South Manchester's Morris Feinmann home is weathering a tough financial climate by using its financial stability to accommodate increasing numbers of Jews unable to attract local authority care funding.
The buzzing atmosphere - and cake - normally associated with a synagogue kiddush greets visitors to the newly-modelled glass atrium and living room at the Didsbury premises. In an adjacent activity room, residents in an art class dissect colourful photographic landscapes of New Zealand. Describing the images, they are as physically expressive as other residents will be in the subsequent exercise session.
This hive of activity reflects that all 57 residential places at Morris Feinmann are filled. It is the first time the home has been full in its 55-year history.
Yet 18 months ago, Morris Feinmann had unhealthily low financial reserves and a £250,000 drop in donations from the previous year. Its characterful converted Victorian premises required major maintenance to heating, electrics and an elevator, leaving a further £300,000 crater in its coffers.
It has transformed its fortunes through a mixture of good housekeeping, positive PR and by removing its £13,500 entry levy for standard rooms. Last year, Morris Feinmann's management made £200,000 in operational savings, mainly through a reduction to its staffing budget. New fundraising strategies and a rejig of fixed assets have given the charity's finances a clean bill of health. Chairman Alan Wilkins said it had been a major achievement. "We did it with no forced redundancies but reduced hours and shifts."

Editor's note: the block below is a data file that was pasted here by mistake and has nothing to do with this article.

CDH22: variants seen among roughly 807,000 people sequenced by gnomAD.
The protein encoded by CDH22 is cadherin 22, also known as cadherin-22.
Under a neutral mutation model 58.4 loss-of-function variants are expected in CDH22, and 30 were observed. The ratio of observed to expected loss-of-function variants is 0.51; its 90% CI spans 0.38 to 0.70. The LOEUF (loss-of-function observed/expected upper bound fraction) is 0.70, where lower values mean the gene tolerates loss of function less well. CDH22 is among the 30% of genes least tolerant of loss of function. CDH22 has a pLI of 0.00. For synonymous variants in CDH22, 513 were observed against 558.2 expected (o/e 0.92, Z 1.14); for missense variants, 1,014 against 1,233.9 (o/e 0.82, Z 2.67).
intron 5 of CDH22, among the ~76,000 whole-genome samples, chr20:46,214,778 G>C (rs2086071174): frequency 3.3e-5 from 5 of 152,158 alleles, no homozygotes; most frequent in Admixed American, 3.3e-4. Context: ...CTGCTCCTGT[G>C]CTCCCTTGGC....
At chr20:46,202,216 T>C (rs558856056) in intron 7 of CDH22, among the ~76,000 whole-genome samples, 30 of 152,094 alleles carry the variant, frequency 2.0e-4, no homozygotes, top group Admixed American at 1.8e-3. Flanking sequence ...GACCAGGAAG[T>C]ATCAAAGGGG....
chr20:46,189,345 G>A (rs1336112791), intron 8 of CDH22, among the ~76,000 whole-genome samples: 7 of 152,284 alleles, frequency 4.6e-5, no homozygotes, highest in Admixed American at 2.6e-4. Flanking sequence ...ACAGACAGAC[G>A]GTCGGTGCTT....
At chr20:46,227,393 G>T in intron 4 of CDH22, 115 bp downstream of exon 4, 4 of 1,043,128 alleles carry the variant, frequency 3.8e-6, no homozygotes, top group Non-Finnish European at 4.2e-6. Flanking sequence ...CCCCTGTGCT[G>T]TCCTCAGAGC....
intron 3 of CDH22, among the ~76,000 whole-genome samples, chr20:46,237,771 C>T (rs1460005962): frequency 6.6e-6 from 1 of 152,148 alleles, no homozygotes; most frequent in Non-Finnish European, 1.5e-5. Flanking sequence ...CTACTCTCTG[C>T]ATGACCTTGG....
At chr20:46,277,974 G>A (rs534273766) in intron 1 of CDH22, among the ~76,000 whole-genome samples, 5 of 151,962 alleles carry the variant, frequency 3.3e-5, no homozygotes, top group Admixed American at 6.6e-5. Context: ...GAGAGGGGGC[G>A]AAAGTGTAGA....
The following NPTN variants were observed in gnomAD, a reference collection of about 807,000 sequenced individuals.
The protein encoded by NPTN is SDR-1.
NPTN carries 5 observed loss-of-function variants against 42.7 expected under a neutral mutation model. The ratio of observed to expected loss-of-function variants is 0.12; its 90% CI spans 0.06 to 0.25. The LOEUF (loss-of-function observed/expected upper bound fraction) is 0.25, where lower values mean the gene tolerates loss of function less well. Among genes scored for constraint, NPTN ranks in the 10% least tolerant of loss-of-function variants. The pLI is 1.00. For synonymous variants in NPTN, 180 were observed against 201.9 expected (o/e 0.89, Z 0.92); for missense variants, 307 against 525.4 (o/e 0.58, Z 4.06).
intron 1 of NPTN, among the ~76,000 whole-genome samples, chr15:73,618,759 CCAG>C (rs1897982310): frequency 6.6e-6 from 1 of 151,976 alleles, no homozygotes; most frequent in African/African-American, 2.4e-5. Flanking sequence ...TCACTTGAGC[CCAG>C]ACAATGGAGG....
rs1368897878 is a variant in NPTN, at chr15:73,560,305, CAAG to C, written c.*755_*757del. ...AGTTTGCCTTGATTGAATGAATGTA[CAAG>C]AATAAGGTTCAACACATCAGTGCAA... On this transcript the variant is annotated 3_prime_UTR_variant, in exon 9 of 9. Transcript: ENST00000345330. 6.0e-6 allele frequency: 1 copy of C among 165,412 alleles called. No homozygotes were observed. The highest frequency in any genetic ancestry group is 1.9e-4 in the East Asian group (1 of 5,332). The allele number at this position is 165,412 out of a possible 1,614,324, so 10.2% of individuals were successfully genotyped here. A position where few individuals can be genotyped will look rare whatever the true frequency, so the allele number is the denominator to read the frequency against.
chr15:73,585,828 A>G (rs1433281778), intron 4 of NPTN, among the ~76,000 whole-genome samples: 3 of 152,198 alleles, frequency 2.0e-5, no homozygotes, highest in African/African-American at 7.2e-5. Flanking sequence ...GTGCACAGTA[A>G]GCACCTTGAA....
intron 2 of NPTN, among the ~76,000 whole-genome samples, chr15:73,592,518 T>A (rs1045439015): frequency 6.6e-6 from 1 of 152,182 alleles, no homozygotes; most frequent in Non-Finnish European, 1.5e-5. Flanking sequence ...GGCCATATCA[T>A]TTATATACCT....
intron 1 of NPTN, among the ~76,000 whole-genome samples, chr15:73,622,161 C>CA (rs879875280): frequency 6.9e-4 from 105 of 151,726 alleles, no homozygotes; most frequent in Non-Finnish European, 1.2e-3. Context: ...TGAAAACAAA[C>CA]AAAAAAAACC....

However, manager Heather Naylor pointed out that local authorities have slashed the numbers of elderly people they are prepared to fund for residential care. "It has noticeably increased the numbers of families burdened with privately funding care at Morris Feinmann, money we sometimes have to find."
Deputy chair Helen Lister said the stereotype of wealthy self-funding south Manchester Jews as Morris Feinmann residents was changing.
"One recent applicant had a daughter who'd had a heart attack, her carer son had suffered a stroke and she had not a penny to her name. She so desperately wanted to be in a Jewish care home. I cried after the interview but thankfully we are now in a position to help."
A one-to-two staff-to-resident ratio is maintained - the government guideline is one-to-eight. But savings have allowed new investment. Full licensing from the Manchester Beth Din is being sought for its "traditionally kosher" kitchen and the home is adding specialist dementia care to its nursing and residential wings.
"It will be the only Jewish dementia care facility in south Manchester," said Mrs Lister. "Specialist staff retraining is currently ongoing and we have already invested in a sensory room which uses lasers and lights to reduce dementia symptoms. Our next investment is a sensory garden."
Looking to the future, Mr Wilkins urged the south Manchester community to maintain charitable support for Morris Feinmann. Investment was needed in the light of demographic changes in the middle-aged bracket. The Bowdon and Hale synagogues were filling with those moving from smaller northern communities.
At 102, Bianka Fraser is an example of the longevity the home plans for. She said it had changed for the better, adding: "I couldn't imagine being in a non-Jewish home. There is such a Jewish atmosphere here and I'm close to my children and two grandchildren."